A confluence of demand is approaching Edge Computing and over the next five to 10 years will completely saturate existing data center infrastructure capacity. The drivers for this “Edge” (aka locality based demand) have been building for years from traditional sources like entertainment, gaming, and CDN. However, this push is accelerating as the technology for interacting with what has traditionally been mostly one way traffic (I.e., Netflix movies watched in your home), to more of a two way demand usage model.
Enter blockchain and the Metaverse which are filling in the final spots and teeing up a potential choke point of Edge capacity and capability.
Getting closer to the customer via the Edge
There is much more demand for IT applications and infrastructure to be put where the customer is using it, whether it’s Latvia, Liberia, or Louisiana. And these demands are materializing in a unique way.. Why? There is a confluence of trends pushing for further development of Edge computing, along with additional technology trends that require consideration.
Example: I need my application to support localization of data by country, even though the platform is supported in only a handful of central data centers. I also need that data to provide value in additional ways via localized analytics and compute in order to facilitate eventual blockchain user data management and authentication with lightning fast approvals. Lastly, all of this needs to support our efforts to make the Metaverse version of this available in real time and in each locale with an experience that will set our brand apart.
While I have never personally worked on a deployment that matched the example above, these are the expectations that customers will start to ask for. This trend is something the entire industry needs to be thinking about.The example above will have a major impact on how companies localize data and connect with their customer. Therefore, enabling the Edge and creating an ability to generate new capacity while at the same time maximizing utilization of the capacity you’re responsible for is critical.
Breaking down the potential
Demand for CDN (content delivery networks) will continue to grow as data pushed out will support Edge networks, increased gaming and more.
We all want data sovereignty to go away, but it is here to stay. Every new application deployed represents an effort to gain greater engagement with customers. This is actually the constitutional requirement of digital transformation and Edge and helps to drive the increased focus on what’s collected and how or where it’s protected.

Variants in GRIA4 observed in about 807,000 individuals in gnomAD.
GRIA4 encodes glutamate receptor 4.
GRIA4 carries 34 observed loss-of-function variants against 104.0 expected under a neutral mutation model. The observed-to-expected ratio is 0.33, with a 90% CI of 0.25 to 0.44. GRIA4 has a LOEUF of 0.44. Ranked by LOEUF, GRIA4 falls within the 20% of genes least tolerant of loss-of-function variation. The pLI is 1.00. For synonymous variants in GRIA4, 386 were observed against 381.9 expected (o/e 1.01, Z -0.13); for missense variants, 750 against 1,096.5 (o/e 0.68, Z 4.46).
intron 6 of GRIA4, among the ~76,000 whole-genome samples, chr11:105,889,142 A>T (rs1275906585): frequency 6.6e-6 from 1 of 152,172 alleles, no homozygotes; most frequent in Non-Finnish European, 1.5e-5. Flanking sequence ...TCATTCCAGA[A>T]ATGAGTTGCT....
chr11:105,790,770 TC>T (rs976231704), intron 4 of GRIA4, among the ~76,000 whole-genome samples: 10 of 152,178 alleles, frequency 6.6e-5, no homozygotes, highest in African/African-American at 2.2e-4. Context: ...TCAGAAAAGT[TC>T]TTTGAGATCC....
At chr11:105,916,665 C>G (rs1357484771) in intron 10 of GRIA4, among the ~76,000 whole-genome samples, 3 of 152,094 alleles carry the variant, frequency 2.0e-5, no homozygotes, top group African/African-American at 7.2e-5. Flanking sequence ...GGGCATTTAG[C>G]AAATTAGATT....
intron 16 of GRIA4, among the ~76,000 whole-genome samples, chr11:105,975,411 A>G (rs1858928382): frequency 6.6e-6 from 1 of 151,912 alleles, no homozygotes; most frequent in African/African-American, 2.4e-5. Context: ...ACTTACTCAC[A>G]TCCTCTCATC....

Edge computing and its millions of potential use cases are also not going anywhere. There are drivers for using Edge versus centralized infrastructure and systems for many new applications. These include network latency, backhaul network cost and or a lack of capacity, data sovereignty, and autonomous operation.
Digital transformation as hinted at above has three top priorities and the first two are the same, enabling greater customer engagement and loyalty. Some, if not all of this enablement will come from Edge located infrastructure and applications, as they are positioned to maximize customer experience while driving enthusiasm for your service or product.
Blockchain isn’t a traditional application or support infrastructure, so you wouldn’t normally think of it as Edge, but you’d be wrong, I was. As applications become more dependent on blockchain approvals and authentication, the infrastructure itself needs to be more distributed. Blockchain companies also need distribution to guarantee speed of transactions, reduce the risk of censorship, and limit exposure to one large infrastructure supplier.
Finally, the Metaverse doesn’t need to be some dystopian location where everyone eats bonbons from their barcalounger and stays glued to their VR headset all day. We all go to stores, we interact with friends, and we attend events. The metaverse will allow, among other things, an opportunity for us to create much deeper interactions and shared experiences in virtual spaces. Creating a metaverse isn’t as simple as building a new website. Interactions people have with your environment will include private information, high bandwidth transfer of images, data, etc., and will also require a high level of localization to mitigate performance, cost, and data sovereignty issues, and more.
The bottom line
When I wrote about “The Edge Marketplace” in 2019 I believe I got some of it right, like the notion of the marketplace itself. What I’m certain I didn’t get right is the true volume of demand. In my article from 2017 about Cloud adoption, I came pretty close, but I wasn’t considering Edge, Blockchain, or Metaverse in my assumptions for the percentage of compute that would exist outside a cloud provider's hyperscale facility. Simply put, the demand for globally distributed computing is here and it’s only growing louder by the day. If you’re not looking at how you can leverage distributed computing to improve supply chain, customer engagement and more, you’re already falling behind the competition.